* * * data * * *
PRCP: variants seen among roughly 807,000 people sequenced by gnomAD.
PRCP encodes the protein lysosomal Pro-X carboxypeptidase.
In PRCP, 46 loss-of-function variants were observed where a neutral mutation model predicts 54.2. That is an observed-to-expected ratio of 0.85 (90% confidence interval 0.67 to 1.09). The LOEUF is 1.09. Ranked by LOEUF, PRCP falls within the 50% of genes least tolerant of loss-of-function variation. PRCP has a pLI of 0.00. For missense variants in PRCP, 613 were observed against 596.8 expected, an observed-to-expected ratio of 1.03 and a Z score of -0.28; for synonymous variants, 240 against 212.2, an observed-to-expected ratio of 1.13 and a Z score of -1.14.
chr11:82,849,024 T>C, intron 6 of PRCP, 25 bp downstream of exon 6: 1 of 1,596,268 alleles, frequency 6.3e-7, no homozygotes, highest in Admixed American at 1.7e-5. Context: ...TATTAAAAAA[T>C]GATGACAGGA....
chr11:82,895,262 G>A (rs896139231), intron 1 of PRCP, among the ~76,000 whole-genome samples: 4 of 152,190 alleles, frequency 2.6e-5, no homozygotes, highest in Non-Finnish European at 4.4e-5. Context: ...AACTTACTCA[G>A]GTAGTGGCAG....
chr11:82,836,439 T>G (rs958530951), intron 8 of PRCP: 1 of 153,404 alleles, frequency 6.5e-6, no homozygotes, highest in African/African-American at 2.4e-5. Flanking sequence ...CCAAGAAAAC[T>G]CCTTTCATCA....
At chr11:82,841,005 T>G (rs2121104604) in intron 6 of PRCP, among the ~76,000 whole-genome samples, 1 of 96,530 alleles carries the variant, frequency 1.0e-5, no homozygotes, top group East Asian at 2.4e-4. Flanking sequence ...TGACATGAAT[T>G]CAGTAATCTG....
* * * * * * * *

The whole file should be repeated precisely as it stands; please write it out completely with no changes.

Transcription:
PRCP: variants seen among roughly 807,000 people sequenced by gnomAD.
PRCP encodes the protein lysosomal Pro-X carboxypeptidase.
In PRCP, 46 loss-of-function variants were observed where a neutral mutation model predicts 54.2. That is an observed-to-expected ratio of 0.85 (90% confidence interval 0.67 to 1.09). The LOEUF is 1.09. Ranked by LOEUF, PRCP falls within the 50% of genes least tolerant of loss-of-function variation. PRCP has a pLI of 0.00. For missense variants in PRCP, 613 were observed against 596.8 expected, an observed-to-expected ratio of 1.03 and a Z score of -0.28; for synonymous variants, 240 against 212.2, an observed-to-expected ratio of 1.13 and a Z score of -1.14.
chr11:82,849,024 T>C, intron 6 of PRCP, 25 bp downstream of exon 6: 1 of 1,596,268 alleles, frequency 6.3e-7, no homozygotes, highest in Admixed American at 1.7e-5. Context: ...TATTAAAAAA[T>C]GATGACAGGA....
chr11:82,895,262 G>A (rs896139231), intron 1 of PRCP, among the ~76,000 whole-genome samples: 4 of 152,190 alleles, frequency 2.6e-5, no homozygotes, highest in Non-Finnish European at 4.4e-5. Context: ...AACTTACTCA[G>A]GTAGTGGCAG....
chr11:82,836,439 T>G (rs958530951), intron 8 of PRCP: 1 of 153,404 alleles, frequency 6.5e-6, no homozygotes, highest in African/African-American at 2.4e-5. Flanking sequence ...CCAAGAAAAC[T>G]CCTTTCATCA....
At chr11:82,841,005 T>G (rs2121104604) in intron 6 of PRCP, among the ~76,000 whole-genome samples, 1 of 96,530 alleles carries the variant, frequency 1.0e-5, no homozygotes, top group East Asian at 2.4e-4. Flanking sequence ...TGACATGAAT[T>G]CAGTAATCTG....